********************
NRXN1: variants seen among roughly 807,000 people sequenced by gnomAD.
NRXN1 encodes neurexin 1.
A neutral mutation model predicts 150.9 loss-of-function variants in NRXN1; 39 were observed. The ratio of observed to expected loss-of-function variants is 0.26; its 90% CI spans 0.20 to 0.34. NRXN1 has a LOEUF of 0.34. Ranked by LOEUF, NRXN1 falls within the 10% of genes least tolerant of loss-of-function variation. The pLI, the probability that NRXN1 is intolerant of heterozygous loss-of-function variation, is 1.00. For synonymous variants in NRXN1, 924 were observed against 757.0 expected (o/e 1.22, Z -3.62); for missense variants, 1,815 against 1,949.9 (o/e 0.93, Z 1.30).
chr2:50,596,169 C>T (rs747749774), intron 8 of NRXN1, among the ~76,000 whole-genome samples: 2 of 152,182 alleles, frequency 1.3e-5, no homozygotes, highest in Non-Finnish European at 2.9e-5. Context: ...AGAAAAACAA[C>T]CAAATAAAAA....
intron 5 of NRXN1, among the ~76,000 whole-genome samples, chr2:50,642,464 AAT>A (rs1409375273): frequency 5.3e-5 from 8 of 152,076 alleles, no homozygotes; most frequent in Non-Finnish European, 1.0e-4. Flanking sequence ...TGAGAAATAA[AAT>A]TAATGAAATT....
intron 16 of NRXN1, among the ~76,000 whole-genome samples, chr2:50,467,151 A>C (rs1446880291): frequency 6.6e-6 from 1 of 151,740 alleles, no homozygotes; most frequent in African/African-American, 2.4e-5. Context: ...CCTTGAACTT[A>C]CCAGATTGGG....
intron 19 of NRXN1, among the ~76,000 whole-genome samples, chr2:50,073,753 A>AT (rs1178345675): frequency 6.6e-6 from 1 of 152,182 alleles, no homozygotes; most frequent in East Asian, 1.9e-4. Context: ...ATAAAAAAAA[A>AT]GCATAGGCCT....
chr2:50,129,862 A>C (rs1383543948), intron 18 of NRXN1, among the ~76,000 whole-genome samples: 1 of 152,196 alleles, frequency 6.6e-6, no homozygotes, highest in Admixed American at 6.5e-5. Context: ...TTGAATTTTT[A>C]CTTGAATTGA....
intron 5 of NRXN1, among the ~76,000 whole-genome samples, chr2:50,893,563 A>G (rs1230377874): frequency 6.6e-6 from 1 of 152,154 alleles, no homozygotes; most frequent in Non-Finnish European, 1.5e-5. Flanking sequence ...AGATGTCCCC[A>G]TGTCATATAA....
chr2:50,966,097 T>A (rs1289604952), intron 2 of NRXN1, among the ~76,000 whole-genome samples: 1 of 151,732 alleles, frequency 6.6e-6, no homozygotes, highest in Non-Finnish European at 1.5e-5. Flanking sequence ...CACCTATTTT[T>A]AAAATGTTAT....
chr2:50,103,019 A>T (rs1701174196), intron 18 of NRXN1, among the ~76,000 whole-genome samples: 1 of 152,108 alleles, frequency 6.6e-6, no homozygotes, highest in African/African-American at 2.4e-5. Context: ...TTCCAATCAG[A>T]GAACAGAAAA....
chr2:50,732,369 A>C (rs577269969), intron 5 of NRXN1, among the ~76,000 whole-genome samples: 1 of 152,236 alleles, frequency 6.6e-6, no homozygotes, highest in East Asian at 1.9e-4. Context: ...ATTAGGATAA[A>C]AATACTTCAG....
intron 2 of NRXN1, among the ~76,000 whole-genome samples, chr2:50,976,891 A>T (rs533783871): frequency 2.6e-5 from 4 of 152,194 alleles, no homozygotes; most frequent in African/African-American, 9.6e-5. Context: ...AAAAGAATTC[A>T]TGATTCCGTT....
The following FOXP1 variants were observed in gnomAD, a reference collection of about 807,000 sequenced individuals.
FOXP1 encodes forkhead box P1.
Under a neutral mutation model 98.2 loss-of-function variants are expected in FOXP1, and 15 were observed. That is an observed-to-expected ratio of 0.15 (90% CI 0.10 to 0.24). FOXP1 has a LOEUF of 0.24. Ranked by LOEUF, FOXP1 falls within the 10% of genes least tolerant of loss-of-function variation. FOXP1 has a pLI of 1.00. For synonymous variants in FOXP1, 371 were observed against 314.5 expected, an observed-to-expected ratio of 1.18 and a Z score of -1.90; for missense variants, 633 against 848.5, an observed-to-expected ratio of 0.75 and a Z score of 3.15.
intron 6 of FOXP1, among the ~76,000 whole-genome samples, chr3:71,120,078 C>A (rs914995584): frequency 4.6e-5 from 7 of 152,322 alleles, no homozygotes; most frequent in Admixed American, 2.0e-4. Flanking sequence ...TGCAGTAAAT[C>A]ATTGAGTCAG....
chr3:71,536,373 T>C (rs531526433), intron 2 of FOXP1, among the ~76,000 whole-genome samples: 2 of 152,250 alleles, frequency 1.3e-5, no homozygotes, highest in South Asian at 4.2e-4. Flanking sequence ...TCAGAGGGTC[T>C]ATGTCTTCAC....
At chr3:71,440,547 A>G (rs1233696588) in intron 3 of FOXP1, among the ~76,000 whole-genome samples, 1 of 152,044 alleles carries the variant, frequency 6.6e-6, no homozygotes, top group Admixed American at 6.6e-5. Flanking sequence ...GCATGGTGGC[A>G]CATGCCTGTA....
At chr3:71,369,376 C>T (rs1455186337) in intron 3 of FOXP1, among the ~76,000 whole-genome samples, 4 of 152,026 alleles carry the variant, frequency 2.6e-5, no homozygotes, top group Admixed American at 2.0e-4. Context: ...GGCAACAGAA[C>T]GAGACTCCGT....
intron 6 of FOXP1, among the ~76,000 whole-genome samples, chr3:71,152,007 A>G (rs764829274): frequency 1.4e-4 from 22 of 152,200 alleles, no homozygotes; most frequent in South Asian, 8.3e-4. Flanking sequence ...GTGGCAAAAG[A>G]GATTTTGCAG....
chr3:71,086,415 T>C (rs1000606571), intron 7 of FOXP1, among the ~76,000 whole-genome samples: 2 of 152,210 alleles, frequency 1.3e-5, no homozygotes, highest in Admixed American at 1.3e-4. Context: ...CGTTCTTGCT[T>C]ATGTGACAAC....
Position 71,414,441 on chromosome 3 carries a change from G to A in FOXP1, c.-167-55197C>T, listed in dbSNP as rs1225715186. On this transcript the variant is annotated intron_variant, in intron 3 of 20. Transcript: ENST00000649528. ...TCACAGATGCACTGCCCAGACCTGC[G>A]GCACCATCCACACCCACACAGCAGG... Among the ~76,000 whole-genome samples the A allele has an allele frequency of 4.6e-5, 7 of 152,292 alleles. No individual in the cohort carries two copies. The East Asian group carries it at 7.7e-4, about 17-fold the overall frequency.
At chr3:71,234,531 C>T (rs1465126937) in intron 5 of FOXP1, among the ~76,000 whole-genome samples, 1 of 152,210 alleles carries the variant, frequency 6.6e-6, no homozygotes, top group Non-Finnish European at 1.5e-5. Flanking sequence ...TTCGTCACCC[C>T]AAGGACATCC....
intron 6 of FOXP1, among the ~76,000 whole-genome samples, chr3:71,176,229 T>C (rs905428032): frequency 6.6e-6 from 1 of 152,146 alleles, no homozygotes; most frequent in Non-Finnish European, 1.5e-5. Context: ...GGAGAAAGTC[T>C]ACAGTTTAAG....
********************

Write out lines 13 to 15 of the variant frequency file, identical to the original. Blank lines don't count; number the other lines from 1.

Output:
intron 2 of NRXN1, among the ~76,000 whole-genome samples, chr2:50,976,891 A>T (rs533783871): frequency 2.6e-5 from 4 of 152,194 alleles, no homozygotes; most frequent in African/African-American, 9.6e-5. Context: ...AAAAGAATTC[A>T]TGATTCCGTT....
The following FOXP1 variants were observed in gnomAD, a reference collection of about 807,000 sequenced individuals.
FOXP1 encodes forkhead box P1.